Thursday, February 28, 2013

The Weekly Reader and Scholastic Books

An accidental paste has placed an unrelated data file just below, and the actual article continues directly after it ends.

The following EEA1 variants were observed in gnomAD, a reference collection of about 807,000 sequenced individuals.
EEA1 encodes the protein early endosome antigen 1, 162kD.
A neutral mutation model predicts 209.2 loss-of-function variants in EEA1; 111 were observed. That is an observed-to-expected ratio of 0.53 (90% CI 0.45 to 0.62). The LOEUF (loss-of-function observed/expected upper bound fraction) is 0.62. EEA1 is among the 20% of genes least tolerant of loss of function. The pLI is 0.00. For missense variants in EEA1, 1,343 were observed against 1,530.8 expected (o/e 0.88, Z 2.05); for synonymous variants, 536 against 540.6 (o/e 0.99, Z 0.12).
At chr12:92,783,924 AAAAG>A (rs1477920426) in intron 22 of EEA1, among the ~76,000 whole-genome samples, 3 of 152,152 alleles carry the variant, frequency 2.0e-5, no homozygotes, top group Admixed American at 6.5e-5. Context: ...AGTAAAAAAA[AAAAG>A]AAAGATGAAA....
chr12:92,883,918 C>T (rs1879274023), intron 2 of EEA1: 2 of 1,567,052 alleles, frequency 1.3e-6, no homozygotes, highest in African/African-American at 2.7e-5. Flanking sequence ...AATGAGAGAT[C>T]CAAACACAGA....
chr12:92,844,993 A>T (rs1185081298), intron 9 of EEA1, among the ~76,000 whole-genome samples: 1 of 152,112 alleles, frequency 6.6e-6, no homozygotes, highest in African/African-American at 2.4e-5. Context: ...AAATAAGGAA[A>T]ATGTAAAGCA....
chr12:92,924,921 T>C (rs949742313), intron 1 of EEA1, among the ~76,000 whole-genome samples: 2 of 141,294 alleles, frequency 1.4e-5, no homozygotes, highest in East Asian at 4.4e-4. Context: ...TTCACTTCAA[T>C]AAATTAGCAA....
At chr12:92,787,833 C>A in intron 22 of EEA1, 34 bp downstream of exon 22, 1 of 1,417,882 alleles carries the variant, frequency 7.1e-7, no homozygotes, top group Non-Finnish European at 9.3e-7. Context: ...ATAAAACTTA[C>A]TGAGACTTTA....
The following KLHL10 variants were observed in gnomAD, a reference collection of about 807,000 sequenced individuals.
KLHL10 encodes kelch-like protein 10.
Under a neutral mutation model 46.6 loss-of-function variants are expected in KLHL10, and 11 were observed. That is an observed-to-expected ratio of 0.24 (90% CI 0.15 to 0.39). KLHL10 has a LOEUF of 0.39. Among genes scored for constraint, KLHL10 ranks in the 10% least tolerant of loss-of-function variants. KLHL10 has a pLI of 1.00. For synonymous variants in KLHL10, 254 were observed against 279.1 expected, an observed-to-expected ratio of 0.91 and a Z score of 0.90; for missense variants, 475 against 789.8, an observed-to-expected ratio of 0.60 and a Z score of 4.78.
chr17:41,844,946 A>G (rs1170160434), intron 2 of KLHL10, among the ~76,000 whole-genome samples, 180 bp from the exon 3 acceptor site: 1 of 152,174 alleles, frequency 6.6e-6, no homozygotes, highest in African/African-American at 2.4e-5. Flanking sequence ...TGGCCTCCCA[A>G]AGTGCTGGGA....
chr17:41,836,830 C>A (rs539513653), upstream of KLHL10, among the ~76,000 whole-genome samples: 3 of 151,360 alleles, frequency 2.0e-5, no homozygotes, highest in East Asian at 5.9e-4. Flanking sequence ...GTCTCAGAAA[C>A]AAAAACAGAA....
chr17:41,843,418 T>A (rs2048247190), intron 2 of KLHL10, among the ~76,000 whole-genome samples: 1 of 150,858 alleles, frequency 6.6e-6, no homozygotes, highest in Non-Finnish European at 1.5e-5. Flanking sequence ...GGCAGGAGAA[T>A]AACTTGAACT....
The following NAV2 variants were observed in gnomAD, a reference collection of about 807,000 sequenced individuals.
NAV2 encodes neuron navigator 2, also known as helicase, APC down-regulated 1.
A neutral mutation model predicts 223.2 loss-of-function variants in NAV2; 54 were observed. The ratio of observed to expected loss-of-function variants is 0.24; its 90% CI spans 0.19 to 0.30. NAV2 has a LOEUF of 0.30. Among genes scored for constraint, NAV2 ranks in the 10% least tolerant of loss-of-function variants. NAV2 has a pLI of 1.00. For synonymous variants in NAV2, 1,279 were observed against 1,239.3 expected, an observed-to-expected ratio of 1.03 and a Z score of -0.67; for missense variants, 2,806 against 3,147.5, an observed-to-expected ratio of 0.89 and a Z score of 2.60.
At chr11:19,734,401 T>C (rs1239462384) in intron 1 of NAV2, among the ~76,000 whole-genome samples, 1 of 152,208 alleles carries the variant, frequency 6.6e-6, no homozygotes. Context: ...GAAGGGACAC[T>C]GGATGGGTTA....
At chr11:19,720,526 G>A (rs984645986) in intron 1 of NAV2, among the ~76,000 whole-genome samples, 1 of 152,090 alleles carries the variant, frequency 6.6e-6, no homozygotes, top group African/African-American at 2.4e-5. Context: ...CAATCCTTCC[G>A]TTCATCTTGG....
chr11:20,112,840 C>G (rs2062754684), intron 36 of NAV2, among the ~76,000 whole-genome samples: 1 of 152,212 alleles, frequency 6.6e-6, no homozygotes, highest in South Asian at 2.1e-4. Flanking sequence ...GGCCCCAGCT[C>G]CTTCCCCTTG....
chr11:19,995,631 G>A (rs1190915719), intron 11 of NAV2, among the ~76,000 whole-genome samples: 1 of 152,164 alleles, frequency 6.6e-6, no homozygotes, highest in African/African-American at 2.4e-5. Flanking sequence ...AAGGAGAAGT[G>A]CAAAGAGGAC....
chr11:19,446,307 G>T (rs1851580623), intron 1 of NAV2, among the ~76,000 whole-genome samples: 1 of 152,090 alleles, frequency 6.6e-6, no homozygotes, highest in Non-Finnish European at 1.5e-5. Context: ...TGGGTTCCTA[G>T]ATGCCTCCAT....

After kindergarten in 1970 came first grade, a time in fashion history when the dominant color in everyone’s wardrobe was plaid. I was assigned a classroom in the newer section at the rear of the school that looked onto the playground and across to my house. My teacher was Mrs. S and although she looked like she had just sucked the contents of an entire lemon, she was wonderful, kind, and fun. I liked first grade just as much as kindergarten, maybe even more because we got the Weekly Reader. Now, in the middle of this Weekly Reader was an order form from Scholastic Books for what seemed like an endless list of titles, each with a tiny paragraph description and an even more tantalizing rendering of its cover. We would check off all the books we wanted, carry the order form home and then bug, beg, and harass our parents into sending us back on the appointed day with a check for the proper amount. My mom always set a dollar limit—it was unusual for me to order more than six or seven dollars worth of books but one time I brought a check for thirteen dollars to school. Then there were some kids in the class who never brought their checks. I guess their families couldn’t afford books. I always felt bad for them; what did they read? Finally the day would come when the box would appear holding all of our precious little paperbacks. It felt like a miniature Christmas or birthday as we all tore into the box to find our books. I ordered "Rama the Gypsy Cat” because there was a drawing of a black cat with a pierced ear on the cover. I owned “The Cricket in Times Square” and “No Flying in the House,” both of which made me cry. I have since re-read them and they both describe children in scenes of loss. (Why do people do that to little kids? Walt Disney must have loved doing it because there are always scenes like Bambi’s mother getting killed or Dumbo being taken away from his mother. That had to have preyed on children’s fears of being taken away from or being abandoned by their own mothers.) But my favorite was “Tikki Tikki Tembo.” It was a story about two brothers in China (I am sure the illustrations with their beautiful, washed-out, water color palette and Asian sensibility made me appreciate an Asian aesthetic) playing near a well. One fell in and the other had to run and get help. But he had to tell his elders who fell in and unfortunately, his brother’s name was a long one: “Tikki Tikki Tembo No Sa Rembo Perri Berri Ruchi Pick Berri Pembo.” That name is seared into my brain. My mind connects this with a rhyme I learned around this time but I don’t know from where. I still remember it very well. “One fine day in the middle of the night, two dead men got up to fight. Back to back they faced each other, drew their swords and shot each other. A deaf policeman heard the noise, and came to arrest those two dead boys. If you don’t think my story is true, ask the blind man, he saw it too.”

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